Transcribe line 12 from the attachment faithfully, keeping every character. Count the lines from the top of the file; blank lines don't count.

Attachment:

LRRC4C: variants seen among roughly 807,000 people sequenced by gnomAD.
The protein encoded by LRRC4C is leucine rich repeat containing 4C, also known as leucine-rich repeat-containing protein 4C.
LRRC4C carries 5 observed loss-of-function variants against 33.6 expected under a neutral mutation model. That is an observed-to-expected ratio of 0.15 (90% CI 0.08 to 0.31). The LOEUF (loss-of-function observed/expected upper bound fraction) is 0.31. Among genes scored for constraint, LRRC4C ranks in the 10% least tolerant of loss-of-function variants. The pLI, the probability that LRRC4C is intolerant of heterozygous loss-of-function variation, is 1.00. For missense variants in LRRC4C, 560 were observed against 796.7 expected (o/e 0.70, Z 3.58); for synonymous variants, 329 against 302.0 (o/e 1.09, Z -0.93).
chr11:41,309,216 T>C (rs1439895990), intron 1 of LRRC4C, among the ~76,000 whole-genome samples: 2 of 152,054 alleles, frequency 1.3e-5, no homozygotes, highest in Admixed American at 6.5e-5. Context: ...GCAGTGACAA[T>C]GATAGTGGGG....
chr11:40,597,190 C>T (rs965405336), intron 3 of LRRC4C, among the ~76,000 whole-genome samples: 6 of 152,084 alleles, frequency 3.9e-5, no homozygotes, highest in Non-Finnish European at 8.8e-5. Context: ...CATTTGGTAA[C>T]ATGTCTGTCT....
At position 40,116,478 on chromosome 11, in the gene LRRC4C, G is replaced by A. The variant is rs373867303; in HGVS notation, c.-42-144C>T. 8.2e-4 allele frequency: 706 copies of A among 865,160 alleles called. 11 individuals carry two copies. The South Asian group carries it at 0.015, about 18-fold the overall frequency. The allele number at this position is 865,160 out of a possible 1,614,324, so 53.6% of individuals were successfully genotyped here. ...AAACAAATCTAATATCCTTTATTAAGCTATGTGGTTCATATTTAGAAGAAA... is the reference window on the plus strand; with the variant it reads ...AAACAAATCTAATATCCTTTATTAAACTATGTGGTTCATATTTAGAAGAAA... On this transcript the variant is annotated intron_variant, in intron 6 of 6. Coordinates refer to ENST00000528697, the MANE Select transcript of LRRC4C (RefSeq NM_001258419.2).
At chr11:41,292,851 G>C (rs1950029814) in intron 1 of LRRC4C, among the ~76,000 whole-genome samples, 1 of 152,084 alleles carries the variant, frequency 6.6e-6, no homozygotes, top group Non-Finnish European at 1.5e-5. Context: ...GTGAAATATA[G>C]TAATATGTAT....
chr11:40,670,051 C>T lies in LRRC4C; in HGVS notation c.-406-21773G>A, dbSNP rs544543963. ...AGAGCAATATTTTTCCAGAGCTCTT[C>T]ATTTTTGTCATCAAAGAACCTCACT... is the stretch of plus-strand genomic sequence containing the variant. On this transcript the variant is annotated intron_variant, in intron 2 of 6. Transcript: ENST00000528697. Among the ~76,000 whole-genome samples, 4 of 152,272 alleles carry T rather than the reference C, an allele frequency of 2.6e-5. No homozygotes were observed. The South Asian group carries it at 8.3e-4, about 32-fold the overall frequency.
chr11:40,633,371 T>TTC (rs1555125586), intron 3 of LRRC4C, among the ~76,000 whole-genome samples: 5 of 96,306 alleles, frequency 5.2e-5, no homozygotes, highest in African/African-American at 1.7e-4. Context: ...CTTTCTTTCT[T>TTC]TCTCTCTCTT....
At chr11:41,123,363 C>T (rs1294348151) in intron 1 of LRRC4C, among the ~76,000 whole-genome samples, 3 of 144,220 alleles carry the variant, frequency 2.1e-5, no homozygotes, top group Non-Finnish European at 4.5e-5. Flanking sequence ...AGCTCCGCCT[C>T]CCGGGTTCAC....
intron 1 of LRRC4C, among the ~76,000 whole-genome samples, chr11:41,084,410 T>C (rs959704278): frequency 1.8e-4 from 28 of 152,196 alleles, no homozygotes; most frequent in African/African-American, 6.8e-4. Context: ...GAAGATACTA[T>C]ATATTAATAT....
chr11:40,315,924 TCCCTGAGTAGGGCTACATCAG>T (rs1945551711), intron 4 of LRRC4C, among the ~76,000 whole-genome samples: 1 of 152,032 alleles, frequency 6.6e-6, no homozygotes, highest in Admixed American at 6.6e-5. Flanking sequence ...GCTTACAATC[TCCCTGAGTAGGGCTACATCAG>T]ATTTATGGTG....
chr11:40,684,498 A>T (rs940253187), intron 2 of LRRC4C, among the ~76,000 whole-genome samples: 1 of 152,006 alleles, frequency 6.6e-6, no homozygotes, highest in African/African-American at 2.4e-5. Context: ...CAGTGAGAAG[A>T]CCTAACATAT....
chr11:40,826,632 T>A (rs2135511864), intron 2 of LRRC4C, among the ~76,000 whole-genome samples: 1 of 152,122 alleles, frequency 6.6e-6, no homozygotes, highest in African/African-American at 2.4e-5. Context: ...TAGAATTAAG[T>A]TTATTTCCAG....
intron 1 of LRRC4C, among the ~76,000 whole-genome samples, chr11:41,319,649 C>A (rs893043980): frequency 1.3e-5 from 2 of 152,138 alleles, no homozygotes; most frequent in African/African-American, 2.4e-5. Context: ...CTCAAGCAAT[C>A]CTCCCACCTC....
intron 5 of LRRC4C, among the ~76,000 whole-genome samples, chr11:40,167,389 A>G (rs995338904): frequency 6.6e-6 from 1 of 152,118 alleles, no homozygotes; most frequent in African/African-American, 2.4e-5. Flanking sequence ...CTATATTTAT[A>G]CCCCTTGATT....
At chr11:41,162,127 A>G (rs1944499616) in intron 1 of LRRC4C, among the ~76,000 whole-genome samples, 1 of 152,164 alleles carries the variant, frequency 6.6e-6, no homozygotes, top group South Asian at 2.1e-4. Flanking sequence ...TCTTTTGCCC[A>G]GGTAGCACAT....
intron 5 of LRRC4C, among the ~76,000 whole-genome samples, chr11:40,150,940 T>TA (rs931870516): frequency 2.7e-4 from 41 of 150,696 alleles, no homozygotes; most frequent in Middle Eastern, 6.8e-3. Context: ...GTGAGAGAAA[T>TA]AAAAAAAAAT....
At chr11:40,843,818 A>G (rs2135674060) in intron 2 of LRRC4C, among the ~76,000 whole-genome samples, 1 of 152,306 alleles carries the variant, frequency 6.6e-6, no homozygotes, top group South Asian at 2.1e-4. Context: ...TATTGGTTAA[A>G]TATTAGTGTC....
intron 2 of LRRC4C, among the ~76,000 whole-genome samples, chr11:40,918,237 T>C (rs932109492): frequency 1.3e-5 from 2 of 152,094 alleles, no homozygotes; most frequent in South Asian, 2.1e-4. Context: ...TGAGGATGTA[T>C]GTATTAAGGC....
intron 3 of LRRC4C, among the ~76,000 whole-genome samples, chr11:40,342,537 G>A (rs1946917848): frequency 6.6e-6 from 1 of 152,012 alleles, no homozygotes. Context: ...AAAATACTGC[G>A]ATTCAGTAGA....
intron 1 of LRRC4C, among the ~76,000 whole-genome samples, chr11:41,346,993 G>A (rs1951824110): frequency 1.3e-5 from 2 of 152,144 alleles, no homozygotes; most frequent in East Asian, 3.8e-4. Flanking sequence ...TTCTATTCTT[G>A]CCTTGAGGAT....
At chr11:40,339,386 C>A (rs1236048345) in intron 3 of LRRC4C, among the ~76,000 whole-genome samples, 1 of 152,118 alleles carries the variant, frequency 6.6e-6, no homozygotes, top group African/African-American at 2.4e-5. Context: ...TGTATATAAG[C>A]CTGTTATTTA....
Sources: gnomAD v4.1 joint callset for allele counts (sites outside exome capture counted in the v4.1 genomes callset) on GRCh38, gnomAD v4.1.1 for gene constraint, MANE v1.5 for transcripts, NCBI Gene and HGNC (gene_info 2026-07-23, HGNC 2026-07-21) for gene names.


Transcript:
chr11:40,315,924 TCCCTGAGTAGGGCTACATCAG>T (rs1945551711), intron 4 of LRRC4C, among the ~76,000 whole-genome samples: 1 of 152,032 alleles, frequency 6.6e-6, no homozygotes, highest in Admixed American at 6.6e-5. Flanking sequence ...GCTTACAATC[TCCCTGAGTAGGGCTACATCAG>T]ATTTATGGTG....